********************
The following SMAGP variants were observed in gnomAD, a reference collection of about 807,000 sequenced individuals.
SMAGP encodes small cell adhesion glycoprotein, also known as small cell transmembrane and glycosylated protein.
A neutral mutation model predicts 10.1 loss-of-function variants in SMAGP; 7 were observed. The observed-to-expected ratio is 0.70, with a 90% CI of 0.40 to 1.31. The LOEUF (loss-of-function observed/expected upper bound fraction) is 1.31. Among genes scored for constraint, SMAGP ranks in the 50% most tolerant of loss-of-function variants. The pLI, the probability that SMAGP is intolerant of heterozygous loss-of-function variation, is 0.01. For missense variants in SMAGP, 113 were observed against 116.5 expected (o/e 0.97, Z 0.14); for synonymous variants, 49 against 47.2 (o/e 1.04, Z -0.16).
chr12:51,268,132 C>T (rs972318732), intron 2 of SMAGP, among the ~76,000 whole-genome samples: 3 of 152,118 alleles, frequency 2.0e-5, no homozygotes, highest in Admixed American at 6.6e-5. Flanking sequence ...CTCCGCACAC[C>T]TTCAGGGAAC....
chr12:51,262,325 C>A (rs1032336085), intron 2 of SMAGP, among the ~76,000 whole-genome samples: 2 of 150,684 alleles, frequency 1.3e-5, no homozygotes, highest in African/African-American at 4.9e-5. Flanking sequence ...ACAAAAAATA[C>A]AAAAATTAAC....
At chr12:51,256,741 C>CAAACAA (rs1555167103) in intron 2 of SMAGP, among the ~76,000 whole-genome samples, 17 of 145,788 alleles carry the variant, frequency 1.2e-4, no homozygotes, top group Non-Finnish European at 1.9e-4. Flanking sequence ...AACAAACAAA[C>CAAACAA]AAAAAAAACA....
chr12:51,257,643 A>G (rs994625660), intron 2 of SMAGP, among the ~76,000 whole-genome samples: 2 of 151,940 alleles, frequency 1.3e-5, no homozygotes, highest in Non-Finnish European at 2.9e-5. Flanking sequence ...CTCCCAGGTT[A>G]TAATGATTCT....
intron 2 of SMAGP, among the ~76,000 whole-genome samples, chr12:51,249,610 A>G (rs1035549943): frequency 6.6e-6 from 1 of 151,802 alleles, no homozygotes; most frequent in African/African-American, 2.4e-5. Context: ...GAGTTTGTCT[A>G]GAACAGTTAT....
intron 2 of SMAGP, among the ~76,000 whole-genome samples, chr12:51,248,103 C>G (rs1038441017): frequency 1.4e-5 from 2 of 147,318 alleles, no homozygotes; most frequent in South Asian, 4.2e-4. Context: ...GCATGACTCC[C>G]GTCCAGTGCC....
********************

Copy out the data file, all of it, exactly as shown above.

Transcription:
The following SMAGP variants were observed in gnomAD, a reference collection of about 807,000 sequenced individuals.
SMAGP encodes small cell adhesion glycoprotein, also known as small cell transmembrane and glycosylated protein.
A neutral mutation model predicts 10.1 loss-of-function variants in SMAGP; 7 were observed. The observed-to-expected ratio is 0.70, with a 90% CI of 0.40 to 1.31. The LOEUF (loss-of-function observed/expected upper bound fraction) is 1.31. Among genes scored for constraint, SMAGP ranks in the 50% most tolerant of loss-of-function variants. The pLI, the probability that SMAGP is intolerant of heterozygous loss-of-function variation, is 0.01. For missense variants in SMAGP, 113 were observed against 116.5 expected (o/e 0.97, Z 0.14); for synonymous variants, 49 against 47.2 (o/e 1.04, Z -0.16).
chr12:51,268,132 C>T (rs972318732), intron 2 of SMAGP, among the ~76,000 whole-genome samples: 3 of 152,118 alleles, frequency 2.0e-5, no homozygotes, highest in Admixed American at 6.6e-5. Flanking sequence ...CTCCGCACAC[C>T]TTCAGGGAAC....
chr12:51,262,325 C>A (rs1032336085), intron 2 of SMAGP, among the ~76,000 whole-genome samples: 2 of 150,684 alleles, frequency 1.3e-5, no homozygotes, highest in African/African-American at 4.9e-5. Flanking sequence ...ACAAAAAATA[C>A]AAAAATTAAC....
At chr12:51,256,741 C>CAAACAA (rs1555167103) in intron 2 of SMAGP, among the ~76,000 whole-genome samples, 17 of 145,788 alleles carry the variant, frequency 1.2e-4, no homozygotes, top group Non-Finnish European at 1.9e-4. Flanking sequence ...AACAAACAAA[C>CAAACAA]AAAAAAAACA....
chr12:51,257,643 A>G (rs994625660), intron 2 of SMAGP, among the ~76,000 whole-genome samples: 2 of 151,940 alleles, frequency 1.3e-5, no homozygotes, highest in Non-Finnish European at 2.9e-5. Flanking sequence ...CTCCCAGGTT[A>G]TAATGATTCT....
intron 2 of SMAGP, among the ~76,000 whole-genome samples, chr12:51,249,610 A>G (rs1035549943): frequency 6.6e-6 from 1 of 151,802 alleles, no homozygotes; most frequent in African/African-American, 2.4e-5. Context: ...GAGTTTGTCT[A>G]GAACAGTTAT....
intron 2 of SMAGP, among the ~76,000 whole-genome samples, chr12:51,248,103 C>G (rs1038441017): frequency 1.4e-5 from 2 of 147,318 alleles, no homozygotes; most frequent in South Asian, 4.2e-4. Context: ...GCATGACTCC[C>G]GTCCAGTGCC....